My wife and I drove to Kansas City late last week. Our university was on Fall Break so we took the opportunity to explore what may soon become one of our favorite cities. More on that some other time. (And, by the way, a thanks to my brother and his wife for the boysitting help.) On the drive up and back, my wife finally was provided access to the manuscript of my novel-in-progress. She read to herself while I drove and I read aloud to her while she drove. While she cetainly did not finish the whole thing, there were some important first impressions. First--thankfully--she liked it. Quite a lot. (I allow myself to take her praise seriously because she teaches creative writing--and is a novelist herself.) Second, she had some concerns about the scenes that feature a point-of-view character other than Vincent himself. As I explained in an earlier post, various scenes throughout the book, although in third person, emphasize the perspective of other individuals. While the book, as I've presently assembled it, is mostly in chronological order, I did not write it that way. I wrote The Hague scenes for a while, then some St. Remy scenes, then childhood scenes, and so on. On putting them altogether I'm discovering that there are long stretches from Vincent's perspective only and also stretches in which many different perspectives are highlighted. We went through the latter on our way back from K.C. Stephanie's concern is that too many of these other people have condescending views of Vincent, sometimes quite negative views. And she worries this might give the reader the wrong idea of my main character. "It distracts from the story you're trying to tell," she says.
Basically, I think she's right. And I'm grateful for the criticism because it makes it easier for me to cut scenes. Cutting is the name of the game from here on out. (I've got to reduce this behemoth by at least a third.) On the other hand, some of these other viewpoints are critical to the point my book makes about Vincent. While we revere his art, the image many of us have of Van Gogh is "the crazy guy who cut his ear off." And ''the crazy guy" is certainly the view that too many people had of him while he was alive--without revering his art. My point in juxtaposing these different points of view with Vincent's is to show how thoroughly misperceived he was, sometimes by those who were supposed to know him best.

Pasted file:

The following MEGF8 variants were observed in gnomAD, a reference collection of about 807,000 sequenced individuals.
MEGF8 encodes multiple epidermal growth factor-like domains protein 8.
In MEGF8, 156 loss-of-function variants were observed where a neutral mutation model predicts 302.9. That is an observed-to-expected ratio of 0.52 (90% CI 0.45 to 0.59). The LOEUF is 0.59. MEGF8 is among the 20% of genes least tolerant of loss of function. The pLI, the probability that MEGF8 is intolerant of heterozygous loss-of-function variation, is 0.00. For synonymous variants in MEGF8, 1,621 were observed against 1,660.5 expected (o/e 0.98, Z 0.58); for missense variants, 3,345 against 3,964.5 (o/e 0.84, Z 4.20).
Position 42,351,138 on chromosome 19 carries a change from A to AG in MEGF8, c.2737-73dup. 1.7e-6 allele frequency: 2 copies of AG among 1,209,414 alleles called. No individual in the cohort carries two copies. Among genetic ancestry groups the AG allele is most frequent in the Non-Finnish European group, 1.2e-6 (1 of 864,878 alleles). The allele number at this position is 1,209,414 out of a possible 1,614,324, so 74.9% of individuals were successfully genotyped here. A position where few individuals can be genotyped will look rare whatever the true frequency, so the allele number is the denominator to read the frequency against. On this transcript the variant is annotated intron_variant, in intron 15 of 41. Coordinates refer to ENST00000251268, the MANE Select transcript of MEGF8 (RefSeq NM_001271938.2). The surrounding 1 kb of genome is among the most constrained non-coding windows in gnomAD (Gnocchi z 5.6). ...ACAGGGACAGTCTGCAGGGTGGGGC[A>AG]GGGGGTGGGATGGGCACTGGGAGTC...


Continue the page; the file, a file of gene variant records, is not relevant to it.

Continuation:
Like, for instance, his father. (Pictured above.) The Reverend Theodorus Van Gogh certainly demonstrated concern and love for his son, but he never "got" him. (An old old story, I realize.) Yet while Vincent's relationship with his brother Theo has been well-documented, even theatrically dramatized, I think Vincent's relationship with his father, both the good and the bad, was actually more important, was at the center of his life--and it's at the center of my book. I feature a number of scenes from Theodorus's point of view, and I suspect/hope these will be saved from the cutting room floor. For instance, just a little while ago, I was revising two successive scenes: one from Vincent's POV in which he engages in political agitation on the behalf of Belgian miners, and a second, from Theodorus's POV, in which the reverend reproves Vincent for doing this and for losing his position as a lay missionary to the miners. The contrast in ethos between the two scenes couldn't be greater. In the first, the desperate need of the miners for better protections is highlighted, with the point being that Vincent's agitation can be read as Christian activism. Whereas what we get from Theodorus's viewpoint is that Vincent violated the "rules" of his position and is to blame for the fallout. This dual vision gets to the heart of Vincent's conflict with his father and, more broadly, to much of the trouble he suffered through in his life. I think I can trust my reader to get the point. At least that's what I'm saying now. (Check in later for updates.) But many many thanks to my wife for showing me several scenes in a very different light.